|original drawing by|
Estelle Ansley Worrell
(Worn throughout the 18th century) This man gives a more accurate idea of the everyday wear for most young men and working men. Paul Revere's portrait by John Singleton Copley shows him dressed this way.
His dark waistcoat is unbuttoned. His breeches and stockings are dark, his buckled shoes black.
His shirt stffi has the dropped shoulder line that was common until beyond mid-19th century. He wears the neckline open. The portrait of Revere, Ue some others, shows the cuff button unfastened also. A bit of cloth shows inside his sleeve opening and appears to be the ruffle which he has turned inside. This idea can be used in theatre costuming to great advantage. The same shirt can be worn in one scene with the ruffle showing and in another with it tucked inside.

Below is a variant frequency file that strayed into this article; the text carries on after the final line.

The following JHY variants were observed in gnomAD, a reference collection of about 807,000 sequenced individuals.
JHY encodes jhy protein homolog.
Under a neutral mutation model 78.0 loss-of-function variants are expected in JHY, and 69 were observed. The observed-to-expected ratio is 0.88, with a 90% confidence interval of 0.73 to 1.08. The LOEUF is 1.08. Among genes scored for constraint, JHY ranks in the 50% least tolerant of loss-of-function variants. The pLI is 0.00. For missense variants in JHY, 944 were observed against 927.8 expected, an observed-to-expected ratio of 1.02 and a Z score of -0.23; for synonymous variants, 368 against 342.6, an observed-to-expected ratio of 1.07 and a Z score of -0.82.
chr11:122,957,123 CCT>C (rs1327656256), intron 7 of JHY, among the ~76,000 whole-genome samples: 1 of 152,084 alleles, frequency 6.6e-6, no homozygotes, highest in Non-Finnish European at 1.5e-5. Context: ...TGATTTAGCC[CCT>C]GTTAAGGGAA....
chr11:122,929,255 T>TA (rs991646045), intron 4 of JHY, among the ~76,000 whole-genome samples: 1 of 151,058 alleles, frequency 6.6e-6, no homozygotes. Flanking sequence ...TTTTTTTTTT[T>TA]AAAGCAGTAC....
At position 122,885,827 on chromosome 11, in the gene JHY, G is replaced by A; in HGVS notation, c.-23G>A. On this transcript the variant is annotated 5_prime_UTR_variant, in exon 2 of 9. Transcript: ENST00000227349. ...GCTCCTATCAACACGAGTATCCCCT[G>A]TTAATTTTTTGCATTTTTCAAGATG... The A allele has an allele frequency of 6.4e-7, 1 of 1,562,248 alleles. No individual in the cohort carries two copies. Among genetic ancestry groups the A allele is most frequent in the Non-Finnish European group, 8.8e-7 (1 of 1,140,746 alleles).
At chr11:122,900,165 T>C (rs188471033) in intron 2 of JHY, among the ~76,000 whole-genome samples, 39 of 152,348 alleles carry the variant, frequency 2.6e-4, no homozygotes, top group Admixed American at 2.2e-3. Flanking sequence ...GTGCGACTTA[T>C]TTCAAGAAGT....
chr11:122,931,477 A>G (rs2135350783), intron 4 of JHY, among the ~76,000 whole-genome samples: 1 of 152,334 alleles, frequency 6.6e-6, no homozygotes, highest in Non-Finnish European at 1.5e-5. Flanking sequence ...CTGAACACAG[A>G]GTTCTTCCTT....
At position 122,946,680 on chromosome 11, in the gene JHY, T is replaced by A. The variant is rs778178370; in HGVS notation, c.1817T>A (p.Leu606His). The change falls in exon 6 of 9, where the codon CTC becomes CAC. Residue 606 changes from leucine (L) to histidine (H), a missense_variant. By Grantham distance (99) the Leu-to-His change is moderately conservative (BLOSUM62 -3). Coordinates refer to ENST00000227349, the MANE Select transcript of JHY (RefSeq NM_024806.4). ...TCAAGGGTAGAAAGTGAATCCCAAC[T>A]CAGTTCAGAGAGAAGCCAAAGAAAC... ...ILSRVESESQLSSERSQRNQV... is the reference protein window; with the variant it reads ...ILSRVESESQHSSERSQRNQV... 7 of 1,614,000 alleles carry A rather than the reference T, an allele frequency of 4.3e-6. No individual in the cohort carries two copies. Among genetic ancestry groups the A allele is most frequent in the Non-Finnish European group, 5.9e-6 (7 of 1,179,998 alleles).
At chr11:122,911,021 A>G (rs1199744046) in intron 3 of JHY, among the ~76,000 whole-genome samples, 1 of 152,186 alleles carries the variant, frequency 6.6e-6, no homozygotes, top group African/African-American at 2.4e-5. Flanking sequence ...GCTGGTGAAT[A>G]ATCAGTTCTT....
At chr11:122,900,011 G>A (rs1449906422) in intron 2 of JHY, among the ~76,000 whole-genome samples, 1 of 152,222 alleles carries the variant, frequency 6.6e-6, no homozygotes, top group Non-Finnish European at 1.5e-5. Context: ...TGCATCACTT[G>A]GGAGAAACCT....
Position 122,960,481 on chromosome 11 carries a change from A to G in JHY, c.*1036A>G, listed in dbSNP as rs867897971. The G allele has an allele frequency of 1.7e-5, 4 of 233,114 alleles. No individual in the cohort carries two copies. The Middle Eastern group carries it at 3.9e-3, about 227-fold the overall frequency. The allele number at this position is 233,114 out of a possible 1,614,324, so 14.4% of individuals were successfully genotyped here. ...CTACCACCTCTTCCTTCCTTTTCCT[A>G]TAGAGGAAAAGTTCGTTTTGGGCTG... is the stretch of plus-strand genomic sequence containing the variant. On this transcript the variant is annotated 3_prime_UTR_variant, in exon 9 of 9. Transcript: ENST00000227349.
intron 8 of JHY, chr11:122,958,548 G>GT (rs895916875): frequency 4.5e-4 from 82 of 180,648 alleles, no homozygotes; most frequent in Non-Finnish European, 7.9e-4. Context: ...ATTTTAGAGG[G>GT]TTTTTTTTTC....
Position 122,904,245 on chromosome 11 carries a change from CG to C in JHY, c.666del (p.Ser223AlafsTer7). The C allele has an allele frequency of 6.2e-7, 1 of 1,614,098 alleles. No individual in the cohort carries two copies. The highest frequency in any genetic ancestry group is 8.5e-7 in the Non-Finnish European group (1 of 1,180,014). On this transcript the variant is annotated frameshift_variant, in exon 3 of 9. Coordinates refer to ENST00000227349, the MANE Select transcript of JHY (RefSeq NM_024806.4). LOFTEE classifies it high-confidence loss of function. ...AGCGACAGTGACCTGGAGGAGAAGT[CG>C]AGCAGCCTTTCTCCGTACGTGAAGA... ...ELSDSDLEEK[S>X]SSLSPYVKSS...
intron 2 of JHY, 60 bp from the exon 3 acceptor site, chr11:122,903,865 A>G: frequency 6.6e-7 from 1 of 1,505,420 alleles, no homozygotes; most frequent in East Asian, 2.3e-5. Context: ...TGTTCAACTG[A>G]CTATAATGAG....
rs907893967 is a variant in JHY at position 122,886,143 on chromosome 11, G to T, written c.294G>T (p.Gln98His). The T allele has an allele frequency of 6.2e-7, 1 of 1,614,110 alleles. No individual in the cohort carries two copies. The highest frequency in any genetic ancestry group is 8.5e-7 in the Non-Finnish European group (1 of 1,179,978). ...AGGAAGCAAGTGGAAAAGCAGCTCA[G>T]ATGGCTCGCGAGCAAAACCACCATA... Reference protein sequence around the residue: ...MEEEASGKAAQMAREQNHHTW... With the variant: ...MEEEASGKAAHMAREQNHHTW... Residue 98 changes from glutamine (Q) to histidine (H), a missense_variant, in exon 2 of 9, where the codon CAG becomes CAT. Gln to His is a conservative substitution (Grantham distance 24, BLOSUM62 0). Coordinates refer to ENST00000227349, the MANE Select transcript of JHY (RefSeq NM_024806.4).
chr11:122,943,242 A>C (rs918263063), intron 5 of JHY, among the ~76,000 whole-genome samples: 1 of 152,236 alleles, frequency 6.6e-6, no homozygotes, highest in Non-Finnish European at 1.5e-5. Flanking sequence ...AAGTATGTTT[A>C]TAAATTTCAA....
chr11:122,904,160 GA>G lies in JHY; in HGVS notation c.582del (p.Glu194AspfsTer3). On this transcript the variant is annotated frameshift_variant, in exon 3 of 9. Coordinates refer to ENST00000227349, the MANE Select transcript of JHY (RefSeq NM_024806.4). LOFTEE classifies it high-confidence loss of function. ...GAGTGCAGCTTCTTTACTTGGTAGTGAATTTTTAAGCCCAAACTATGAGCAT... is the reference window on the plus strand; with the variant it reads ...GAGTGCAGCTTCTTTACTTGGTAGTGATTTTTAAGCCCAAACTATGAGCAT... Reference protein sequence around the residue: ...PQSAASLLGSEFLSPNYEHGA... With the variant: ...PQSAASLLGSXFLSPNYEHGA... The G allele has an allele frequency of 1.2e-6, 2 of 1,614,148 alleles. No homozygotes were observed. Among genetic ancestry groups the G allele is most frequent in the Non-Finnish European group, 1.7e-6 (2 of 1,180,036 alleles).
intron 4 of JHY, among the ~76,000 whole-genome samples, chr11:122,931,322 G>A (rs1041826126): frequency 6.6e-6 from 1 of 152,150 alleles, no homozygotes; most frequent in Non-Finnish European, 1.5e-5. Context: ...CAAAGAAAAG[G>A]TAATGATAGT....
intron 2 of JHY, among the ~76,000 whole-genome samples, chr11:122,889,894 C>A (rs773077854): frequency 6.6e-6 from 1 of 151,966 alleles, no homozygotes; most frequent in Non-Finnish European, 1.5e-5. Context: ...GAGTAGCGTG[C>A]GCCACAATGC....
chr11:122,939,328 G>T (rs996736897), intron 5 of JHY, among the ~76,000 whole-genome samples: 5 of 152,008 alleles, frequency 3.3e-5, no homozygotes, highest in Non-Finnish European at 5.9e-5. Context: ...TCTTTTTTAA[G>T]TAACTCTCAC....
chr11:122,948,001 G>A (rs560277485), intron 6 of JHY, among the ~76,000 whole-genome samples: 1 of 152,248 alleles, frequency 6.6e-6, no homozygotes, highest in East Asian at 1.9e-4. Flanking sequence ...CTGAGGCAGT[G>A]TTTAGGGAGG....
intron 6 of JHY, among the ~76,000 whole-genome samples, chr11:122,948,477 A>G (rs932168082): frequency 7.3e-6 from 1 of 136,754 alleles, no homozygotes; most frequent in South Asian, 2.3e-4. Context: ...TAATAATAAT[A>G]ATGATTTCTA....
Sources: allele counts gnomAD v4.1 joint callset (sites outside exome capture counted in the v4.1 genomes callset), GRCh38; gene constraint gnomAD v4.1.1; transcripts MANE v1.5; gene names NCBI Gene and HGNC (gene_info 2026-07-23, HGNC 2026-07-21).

This man's natural hair is combed straight back on top and down on the sides. It is caught in back with a black bow.
These simple clothes were of homespun cloth in dark colors such as black, brown, gray, or dull green.
Sometimes the collar was worn closed with a cravat even without the coat. The cravat is first held with the center of it at the front of the neck. Both ends are then wound around to the back where they cross and continue on'to the front where the ends are tied. When the shirt has a frill as in Figure 73, the tied ends just blend in with the frill.
When a plain shirt without a frill is worn with the cravat, the knot of the cravat is worn in the back.
The apron of Figure 109 was often worn with these clothes.
Men wore no body linen or undershoots but they really were not needed because these shirts come down to almost rnid-thigh.